story by JULIE CAMPBELL
Sunlight streams between puffy white clouds as a visitor searches rows of vendors, trying to find the perfect sweet treat to satisfy her cravings. Even before the stand comes into view, she catches the aroma of sugary cinnamon mixed with the irresistible scent of freshly fried, yeasty dough wafting through the air. A brightly colored sign confirms her sense of smell is correct and her search for Elephant Ears—one of Indiana’s most popular festival foods—is complete!
This scene plays out every weekend during festival season in the Hoosier state. And while there’s more to Indiana festivals than just the good eats, food is definitely one of the main attractions of the state’s festivals.
“Lots [of people] go for the food,” says Doug Weisheit, Indiana State Festivals Association Coordinator.
In fact, several of the state’s most popular festivals are based around—and named after—food.
Located on the southern shores of Lake Michigan, the city of Whiting celebrates its Eastern European heritage July 29-31 with Pierogi Fest, which Oprah Winfrey named on her list of “Top 5 Things to Do” for five years in a row. Pierogi are dumplings of unleavened dough wrapped around sweet or savory fillings, and you’ll find them, as well as many other foods, in abundance at this festival.
Hankering for a hot dog? The Frankfort Hot Dog Festival has you covered! The festival runs from July 29-31 and includes, of course, a hot dog eating contest, doxie (dachshund) racing and diving as well as live entertainment and a family fun zone.
This year marks the 10-year anniversary of Kiwanis Indiana Balloon Fest. Held September 8-10 at the Monroe County Fairgrounds in Bloomington, the event features hot air balloon launches; a “night glow” where multiple balloons are tethered to the ground and illuminated with propane heaters; helicopter rides; pyrotechnic skydivers; and more.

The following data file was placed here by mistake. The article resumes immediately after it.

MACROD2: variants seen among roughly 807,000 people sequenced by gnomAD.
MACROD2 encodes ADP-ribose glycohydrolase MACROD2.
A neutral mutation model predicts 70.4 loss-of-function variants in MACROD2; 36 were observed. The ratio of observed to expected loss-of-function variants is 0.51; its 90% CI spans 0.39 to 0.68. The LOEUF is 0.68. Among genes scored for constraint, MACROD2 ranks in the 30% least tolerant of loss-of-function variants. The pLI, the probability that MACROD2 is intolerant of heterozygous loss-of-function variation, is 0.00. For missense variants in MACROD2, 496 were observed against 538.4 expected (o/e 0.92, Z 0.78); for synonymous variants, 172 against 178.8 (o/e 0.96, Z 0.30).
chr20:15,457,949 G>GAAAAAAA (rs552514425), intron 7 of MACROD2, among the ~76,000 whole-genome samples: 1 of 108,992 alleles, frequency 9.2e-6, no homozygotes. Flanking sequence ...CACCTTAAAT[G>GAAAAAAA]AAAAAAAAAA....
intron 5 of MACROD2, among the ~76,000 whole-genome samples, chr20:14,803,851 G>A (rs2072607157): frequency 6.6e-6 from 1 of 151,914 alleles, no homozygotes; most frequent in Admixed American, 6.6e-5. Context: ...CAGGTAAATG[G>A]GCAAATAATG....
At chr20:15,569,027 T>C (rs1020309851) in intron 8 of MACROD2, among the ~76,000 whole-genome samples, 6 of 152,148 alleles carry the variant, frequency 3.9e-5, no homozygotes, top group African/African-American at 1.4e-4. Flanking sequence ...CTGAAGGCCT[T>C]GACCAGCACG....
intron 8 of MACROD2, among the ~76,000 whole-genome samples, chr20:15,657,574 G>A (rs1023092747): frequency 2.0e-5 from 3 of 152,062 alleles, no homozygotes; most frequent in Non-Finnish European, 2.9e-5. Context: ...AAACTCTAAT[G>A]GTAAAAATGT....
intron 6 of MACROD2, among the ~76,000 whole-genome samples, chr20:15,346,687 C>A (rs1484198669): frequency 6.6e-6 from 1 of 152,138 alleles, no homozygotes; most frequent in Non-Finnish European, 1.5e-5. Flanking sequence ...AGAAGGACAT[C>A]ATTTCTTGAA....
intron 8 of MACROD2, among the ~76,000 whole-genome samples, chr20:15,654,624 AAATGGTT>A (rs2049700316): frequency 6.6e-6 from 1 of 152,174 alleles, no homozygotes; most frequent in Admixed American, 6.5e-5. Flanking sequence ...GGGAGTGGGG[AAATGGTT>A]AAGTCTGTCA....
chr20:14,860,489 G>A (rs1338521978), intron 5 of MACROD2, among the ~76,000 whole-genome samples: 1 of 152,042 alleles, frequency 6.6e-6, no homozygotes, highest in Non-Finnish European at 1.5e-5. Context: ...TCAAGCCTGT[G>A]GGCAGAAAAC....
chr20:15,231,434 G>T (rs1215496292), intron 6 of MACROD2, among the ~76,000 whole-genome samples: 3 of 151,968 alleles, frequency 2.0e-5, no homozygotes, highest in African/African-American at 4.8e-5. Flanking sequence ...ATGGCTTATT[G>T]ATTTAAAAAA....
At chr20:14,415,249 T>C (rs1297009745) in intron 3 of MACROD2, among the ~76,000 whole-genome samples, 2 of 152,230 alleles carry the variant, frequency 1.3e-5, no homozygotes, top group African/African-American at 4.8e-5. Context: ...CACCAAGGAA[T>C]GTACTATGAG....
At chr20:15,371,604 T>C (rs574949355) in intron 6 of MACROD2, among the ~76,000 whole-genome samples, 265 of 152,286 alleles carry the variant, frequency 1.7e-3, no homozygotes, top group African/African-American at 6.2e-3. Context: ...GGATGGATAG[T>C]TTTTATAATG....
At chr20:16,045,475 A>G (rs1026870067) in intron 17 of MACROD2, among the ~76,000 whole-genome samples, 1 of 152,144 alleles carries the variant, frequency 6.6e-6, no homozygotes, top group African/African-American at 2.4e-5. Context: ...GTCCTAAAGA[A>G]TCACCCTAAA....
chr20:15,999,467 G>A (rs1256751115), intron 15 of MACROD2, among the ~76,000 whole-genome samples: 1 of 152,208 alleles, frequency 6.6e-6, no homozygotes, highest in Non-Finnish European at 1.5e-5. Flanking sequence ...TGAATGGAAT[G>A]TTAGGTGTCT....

Celebrating its 20th anniversary this year, the Madison Ribberfest BBQ & Blues brings together great food and great music in one event on the banks of the Ohio River. Nationally known headliners belt out the blues while festivalgoers enjoy ribs and more from Aug. 19-20.
Wine lovers will enjoy Hopwood Cellars’ Big Grape Stomp Festival, held each year in downtown Zionsville. There’s food, games, prizes, wine discounts, and live music.
Bacon lovers will want to mark their calendars for Aug. 27, when the Indiana Bacon Festival comes to the town of Delphi. In addition to the Hog Calling Contest and the Bacon Eating Contest, one of the main attractions of the festival is the Backyard BBQ Cook-Off. And of course, there’s plenty of bacon inspired food to choose from!
The Valparaiso Popcorn Festival, named for the city’s “popcorn king” Orville Redenbacher, will be held on Sept. 10 this year. Orville Redenbacher himself attended the festival nearly every year prior to his death in 1995, and you can be sure there will be all kinds of popcorn to eat— buttered, caramel, kettle, and more.
Another popular food festival is the Marshall County Blueberry Festival, held every year on Labor Day weekend. This year the festival runs from Sept. 2-5 and includes kids’ activities, food, crafts, car shows, a parade, fireworks, free entertainment and more.
Celebrating its 75th year in 2022, the Mitchell Persimmon Festival will run from Sept. 17-24. The festival incorporates a persimmon recipe contest for best pudding and best novelty desserts made from this interesting fruit from a native Indiana tree.
Hoosier festivals are also famous for highlighting the state’s history and cultural heritage, like the Andersontown Powwow and Indian Market in Anderson on Sept. 10-11. The festival showcases the Native American culture of the area through dance, music, storytelling and authentic crafts. Demonstrations and exhibits give festivalgoers an interactive look into the lives of the Native Americans who inhabited Indiana hundreds of years ago.
Located on the historic Paoli Square, Paoli’s Fall Festival will feature food arts, crafts and music from Sept. 9-11. A car show will highlight vintage cars on Sunday, Sept. 11.